Spanish Verbs. Lesson 2

Free course on Spanish verbs - Lesson 2

Spanish verbs
Course on verb tenses and forms

Lesson 2: ¿Qué pasó ayer? What happened yesterday?

In this lesson we will learn:

  • how the simple past tense is formed (Pretérito perfecto simple)
  • what situations and time markers help us to choose the simple past tense

Does it seem to you that there are so many Spanish tenses, that you will never master them? Don’t worry. The secret of success is to create a clear matrix in our head where each tense has its special place. First, stop trying to remember all the tenses at once. Remember the situations and the time markers for each tense. You will see that at the end of the course, all the tenses will take their place in a logical and beautiful system of verb forms.

New vocabulary


In this lesson, we will practice the following vocabulary. Read the words, listen to the audio and remember them:











dato historico

historical event


police station




jewelry store






theft, robbery







en ningún momento

never, at no time



ser bueno con algo

to be good at something

pasar, suceder

to happen


to invent


to realize


to fly


to die


to become extinсt


to marry, get married


to suspect


to steal, to rob


to swear, vow


to confirm


to enter


to menace


to get up


to recognize


to coincide, to fit, to match


to lose

acabar, terminar

to finish, to end (up)

acabar de hacer algo

someone just did something


to disappear

dejar a alguien tirado

(figurative meaning) to abandon, to leave somebody somewhere


to fall in love

hacerle caso a alguien

to pay attention to someone

darse cuenta de algo

to notice something

Spanish dialogues


Listen carefully to the following Spanish dialogues. They will help you understand the grammar of this lesson:

Spanish grammar

Spanish grammar

Read carefully the explanation of the grammar of this lesson:

How the simple past tense is formed (Pretérito perfecto simple)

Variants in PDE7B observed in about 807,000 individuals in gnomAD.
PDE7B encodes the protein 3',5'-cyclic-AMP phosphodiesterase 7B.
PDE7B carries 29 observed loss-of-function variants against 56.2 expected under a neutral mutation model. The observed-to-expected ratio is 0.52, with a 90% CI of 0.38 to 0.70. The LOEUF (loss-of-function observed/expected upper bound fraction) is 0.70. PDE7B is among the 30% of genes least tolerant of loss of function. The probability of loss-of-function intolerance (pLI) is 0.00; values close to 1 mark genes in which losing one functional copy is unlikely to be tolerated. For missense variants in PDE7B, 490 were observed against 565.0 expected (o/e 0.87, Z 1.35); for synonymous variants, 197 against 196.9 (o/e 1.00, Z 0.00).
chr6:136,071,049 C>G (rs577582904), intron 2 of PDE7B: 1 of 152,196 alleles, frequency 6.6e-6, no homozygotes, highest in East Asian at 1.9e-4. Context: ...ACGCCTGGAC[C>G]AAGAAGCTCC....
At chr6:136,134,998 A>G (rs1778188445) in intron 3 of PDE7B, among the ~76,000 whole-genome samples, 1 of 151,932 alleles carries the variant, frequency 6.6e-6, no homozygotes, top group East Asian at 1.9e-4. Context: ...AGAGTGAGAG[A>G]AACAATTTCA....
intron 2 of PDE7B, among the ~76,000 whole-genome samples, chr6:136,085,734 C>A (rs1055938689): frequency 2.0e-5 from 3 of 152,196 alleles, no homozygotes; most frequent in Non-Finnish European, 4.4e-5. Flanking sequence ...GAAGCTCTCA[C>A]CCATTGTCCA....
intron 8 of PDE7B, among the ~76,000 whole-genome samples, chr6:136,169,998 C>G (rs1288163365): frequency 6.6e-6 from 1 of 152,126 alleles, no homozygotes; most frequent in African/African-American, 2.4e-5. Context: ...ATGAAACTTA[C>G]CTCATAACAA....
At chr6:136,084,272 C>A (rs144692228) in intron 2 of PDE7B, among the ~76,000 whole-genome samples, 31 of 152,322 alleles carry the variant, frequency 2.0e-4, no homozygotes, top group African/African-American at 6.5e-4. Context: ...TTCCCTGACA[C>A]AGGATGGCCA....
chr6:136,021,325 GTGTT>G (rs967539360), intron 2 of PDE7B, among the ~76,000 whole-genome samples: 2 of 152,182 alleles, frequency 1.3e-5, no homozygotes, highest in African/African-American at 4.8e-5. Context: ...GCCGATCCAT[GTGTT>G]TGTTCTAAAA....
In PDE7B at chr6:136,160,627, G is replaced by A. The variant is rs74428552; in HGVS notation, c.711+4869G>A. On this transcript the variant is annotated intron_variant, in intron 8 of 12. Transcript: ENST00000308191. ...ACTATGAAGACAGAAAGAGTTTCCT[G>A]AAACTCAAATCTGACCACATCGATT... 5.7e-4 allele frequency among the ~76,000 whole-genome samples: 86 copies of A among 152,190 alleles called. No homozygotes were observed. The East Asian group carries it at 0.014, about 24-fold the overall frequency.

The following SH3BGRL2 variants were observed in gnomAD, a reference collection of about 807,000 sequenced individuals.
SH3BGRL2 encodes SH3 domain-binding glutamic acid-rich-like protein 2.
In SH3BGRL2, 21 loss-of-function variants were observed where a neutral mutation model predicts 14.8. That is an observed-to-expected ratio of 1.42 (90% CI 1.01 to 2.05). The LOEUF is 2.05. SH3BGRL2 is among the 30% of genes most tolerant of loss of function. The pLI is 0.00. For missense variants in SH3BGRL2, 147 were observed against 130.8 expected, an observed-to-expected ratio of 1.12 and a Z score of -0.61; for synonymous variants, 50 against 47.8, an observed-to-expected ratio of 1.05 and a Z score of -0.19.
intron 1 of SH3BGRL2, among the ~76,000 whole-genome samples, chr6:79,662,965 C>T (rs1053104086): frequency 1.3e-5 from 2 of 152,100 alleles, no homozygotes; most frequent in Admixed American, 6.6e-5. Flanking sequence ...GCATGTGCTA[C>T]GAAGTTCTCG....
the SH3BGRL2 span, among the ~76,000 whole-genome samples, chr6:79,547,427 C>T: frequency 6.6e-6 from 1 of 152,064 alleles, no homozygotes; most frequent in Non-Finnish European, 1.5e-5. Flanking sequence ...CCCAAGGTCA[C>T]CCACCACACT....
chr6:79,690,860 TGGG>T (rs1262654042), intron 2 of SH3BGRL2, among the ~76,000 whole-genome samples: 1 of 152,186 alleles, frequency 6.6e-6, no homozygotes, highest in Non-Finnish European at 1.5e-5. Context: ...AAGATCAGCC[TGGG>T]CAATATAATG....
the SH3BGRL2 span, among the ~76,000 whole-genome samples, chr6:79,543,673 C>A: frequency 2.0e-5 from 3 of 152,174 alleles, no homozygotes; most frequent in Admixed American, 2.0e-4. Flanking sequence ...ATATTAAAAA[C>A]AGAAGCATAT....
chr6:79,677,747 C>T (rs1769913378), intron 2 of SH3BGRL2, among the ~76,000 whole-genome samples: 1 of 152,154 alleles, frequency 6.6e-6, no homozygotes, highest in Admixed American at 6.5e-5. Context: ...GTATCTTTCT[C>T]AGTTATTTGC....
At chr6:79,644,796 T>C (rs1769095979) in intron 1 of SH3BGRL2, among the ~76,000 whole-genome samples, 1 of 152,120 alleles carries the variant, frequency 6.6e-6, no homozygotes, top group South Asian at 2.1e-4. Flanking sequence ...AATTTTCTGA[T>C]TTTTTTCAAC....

Pretérito perfecto simple is the simple past tense, which is also called “perfect” (completed) past or “historical” tense. When you look at the situations where this tense is used you’ll understand that all these names make sense. But first, let’s see how this tense is formed:

person -ar: hablar (to speak) -er: aprender (to learn) -ir: vivir (to live)
yo hablé aprendí viví
hablaste aprendiste viviste
él, ella, usted habló aprend viv
nosotros hablamos aprendimos vivimos
vosotros hablasteis aprendisteis vivisteis
ellos, ustedes hablaron aprendieron vivieron

Many verbs have irregular forms of Pretérito perfecto simple. In the table below you’ll find the most important irregular verbs. However, we suggest looking up every new verb in the dictionary to make sure you use it correctly.

person ser/ir (to be/to go)* estar (to be) poder (to be able, can, may) decir (to say) saber (to know) pedir (to ask) dormir (to sleep)
yo fui estuve pude dije supe pedí dormí
fuiste estuviste pudiste dijiste supiste pediste dormiste
él, ella, usted fue estuvo pudo dijo supo pidió durmió
nosotros fuimos estuvimos pudimos dijimos supimos pedimos dormimos
vosotros fuisteis estuvisteis pudisteis dijisteis supisteis pedisteis dormisteis
ellos, ustedes fueron estuvieron pudieron dijeron supieron pidieron durmieron

*The verbs ser and ir have the same forms in the simple past tense. This is due to the fact that these verbs are both derived from the Latin verb “esse”. Be careful, in other tenses these verbs do not have the same form.